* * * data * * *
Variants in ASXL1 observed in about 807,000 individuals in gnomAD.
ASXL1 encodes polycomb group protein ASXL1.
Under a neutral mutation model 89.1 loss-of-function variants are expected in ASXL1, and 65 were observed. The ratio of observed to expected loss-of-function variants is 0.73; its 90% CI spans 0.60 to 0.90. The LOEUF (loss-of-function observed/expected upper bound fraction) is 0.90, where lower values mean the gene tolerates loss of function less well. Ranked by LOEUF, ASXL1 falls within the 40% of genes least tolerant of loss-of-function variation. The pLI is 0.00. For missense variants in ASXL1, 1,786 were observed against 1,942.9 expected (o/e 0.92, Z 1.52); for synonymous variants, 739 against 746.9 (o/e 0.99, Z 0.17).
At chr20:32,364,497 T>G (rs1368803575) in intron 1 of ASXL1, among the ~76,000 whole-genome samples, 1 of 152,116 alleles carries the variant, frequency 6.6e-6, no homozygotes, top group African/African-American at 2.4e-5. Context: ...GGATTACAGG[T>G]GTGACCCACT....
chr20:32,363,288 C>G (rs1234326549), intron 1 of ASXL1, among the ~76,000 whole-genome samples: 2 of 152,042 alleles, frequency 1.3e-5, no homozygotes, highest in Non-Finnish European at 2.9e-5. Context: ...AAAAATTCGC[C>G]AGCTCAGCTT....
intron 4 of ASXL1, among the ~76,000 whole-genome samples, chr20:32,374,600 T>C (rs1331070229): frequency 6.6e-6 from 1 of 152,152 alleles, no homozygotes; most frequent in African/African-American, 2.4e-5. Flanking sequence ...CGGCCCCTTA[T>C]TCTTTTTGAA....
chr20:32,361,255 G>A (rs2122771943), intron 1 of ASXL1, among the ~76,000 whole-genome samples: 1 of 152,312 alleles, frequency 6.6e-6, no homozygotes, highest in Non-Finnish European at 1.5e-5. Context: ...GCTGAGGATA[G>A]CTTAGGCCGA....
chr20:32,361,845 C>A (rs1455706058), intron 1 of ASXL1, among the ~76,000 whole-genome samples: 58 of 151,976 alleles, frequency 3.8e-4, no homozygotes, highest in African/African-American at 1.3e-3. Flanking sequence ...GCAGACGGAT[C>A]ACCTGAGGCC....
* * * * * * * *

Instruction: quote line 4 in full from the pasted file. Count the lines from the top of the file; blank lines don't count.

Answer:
At chr20:32,364,497 T>G (rs1368803575) in intron 1 of ASXL1, among the ~76,000 whole-genome samples, 1 of 152,116 alleles carries the variant, frequency 6.6e-6, no homozygotes, top group African/African-American at 2.4e-5. Context: ...GGATTACAGG[T>G]GTGACCCACT....